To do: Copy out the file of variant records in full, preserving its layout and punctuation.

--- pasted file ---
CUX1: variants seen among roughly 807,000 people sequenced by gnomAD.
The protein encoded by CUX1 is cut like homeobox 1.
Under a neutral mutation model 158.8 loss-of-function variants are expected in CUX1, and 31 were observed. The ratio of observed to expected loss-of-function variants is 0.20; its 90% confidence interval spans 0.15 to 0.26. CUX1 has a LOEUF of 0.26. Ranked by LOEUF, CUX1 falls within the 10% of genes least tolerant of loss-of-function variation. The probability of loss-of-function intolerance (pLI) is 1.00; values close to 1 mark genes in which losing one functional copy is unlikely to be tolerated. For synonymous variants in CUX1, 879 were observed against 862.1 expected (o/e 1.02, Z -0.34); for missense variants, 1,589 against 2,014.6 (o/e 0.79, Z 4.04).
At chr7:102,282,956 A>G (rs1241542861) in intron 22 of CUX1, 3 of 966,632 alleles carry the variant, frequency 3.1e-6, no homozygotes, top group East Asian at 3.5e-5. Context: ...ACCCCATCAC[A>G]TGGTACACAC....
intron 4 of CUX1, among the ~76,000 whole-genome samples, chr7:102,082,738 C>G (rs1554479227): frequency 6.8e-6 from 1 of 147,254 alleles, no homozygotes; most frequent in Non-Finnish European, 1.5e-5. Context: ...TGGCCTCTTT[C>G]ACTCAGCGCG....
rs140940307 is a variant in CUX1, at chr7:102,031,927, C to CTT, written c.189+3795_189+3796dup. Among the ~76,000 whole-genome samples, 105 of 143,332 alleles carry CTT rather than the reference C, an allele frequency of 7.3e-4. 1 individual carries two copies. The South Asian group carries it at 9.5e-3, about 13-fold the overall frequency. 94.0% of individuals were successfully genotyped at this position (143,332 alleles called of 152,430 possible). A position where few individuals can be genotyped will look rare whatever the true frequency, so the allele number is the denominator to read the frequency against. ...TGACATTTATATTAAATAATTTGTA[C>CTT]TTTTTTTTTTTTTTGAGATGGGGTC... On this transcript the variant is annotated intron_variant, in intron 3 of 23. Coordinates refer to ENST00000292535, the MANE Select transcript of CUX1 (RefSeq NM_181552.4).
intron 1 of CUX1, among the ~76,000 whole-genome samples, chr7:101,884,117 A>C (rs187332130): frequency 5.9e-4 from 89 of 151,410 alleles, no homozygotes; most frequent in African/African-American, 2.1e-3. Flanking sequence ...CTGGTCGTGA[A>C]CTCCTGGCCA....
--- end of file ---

CUX1: variants seen among roughly 807,000 people sequenced by gnomAD.
The protein encoded by CUX1 is cut like homeobox 1.
Under a neutral mutation model 158.8 loss-of-function variants are expected in CUX1, and 31 were observed. The ratio of observed to expected loss-of-function variants is 0.20; its 90% confidence interval spans 0.15 to 0.26. CUX1 has a LOEUF of 0.26. Ranked by LOEUF, CUX1 falls within the 10% of genes least tolerant of loss-of-function variation. The probability of loss-of-function intolerance (pLI) is 1.00; values close to 1 mark genes in which losing one functional copy is unlikely to be tolerated. For synonymous variants in CUX1, 879 were observed against 862.1 expected (o/e 1.02, Z -0.34); for missense variants, 1,589 against 2,014.6 (o/e 0.79, Z 4.04).
At chr7:102,282,956 A>G (rs1241542861) in intron 22 of CUX1, 3 of 966,632 alleles carry the variant, frequency 3.1e-6, no homozygotes, top group East Asian at 3.5e-5. Context: ...ACCCCATCAC[A>G]TGGTACACAC....
intron 4 of CUX1, among the ~76,000 whole-genome samples, chr7:102,082,738 C>G (rs1554479227): frequency 6.8e-6 from 1 of 147,254 alleles, no homozygotes; most frequent in Non-Finnish European, 1.5e-5. Context: ...TGGCCTCTTT[C>G]ACTCAGCGCG....
rs140940307 is a variant in CUX1, at chr7:102,031,927, C to CTT, written c.189+3795_189+3796dup. Among the ~76,000 whole-genome samples, 105 of 143,332 alleles carry CTT rather than the reference C, an allele frequency of 7.3e-4. 1 individual carries two copies. The South Asian group carries it at 9.5e-3, about 13-fold the overall frequency. 94.0% of individuals were successfully genotyped at this position (143,332 alleles called of 152,430 possible). A position where few individuals can be genotyped will look rare whatever the true frequency, so the allele number is the denominator to read the frequency against. ...TGACATTTATATTAAATAATTTGTA[C>CTT]TTTTTTTTTTTTTTGAGATGGGGTC... On this transcript the variant is annotated intron_variant, in intron 3 of 23. Coordinates refer to ENST00000292535, the MANE Select transcript of CUX1 (RefSeq NM_181552.4).
intron 1 of CUX1, among the ~76,000 whole-genome samples, chr7:101,884,117 A>C (rs187332130): frequency 5.9e-4 from 89 of 151,410 alleles, no homozygotes; most frequent in African/African-American, 2.1e-3. Flanking sequence ...CTGGTCGTGA[A>C]CTCCTGGCCA....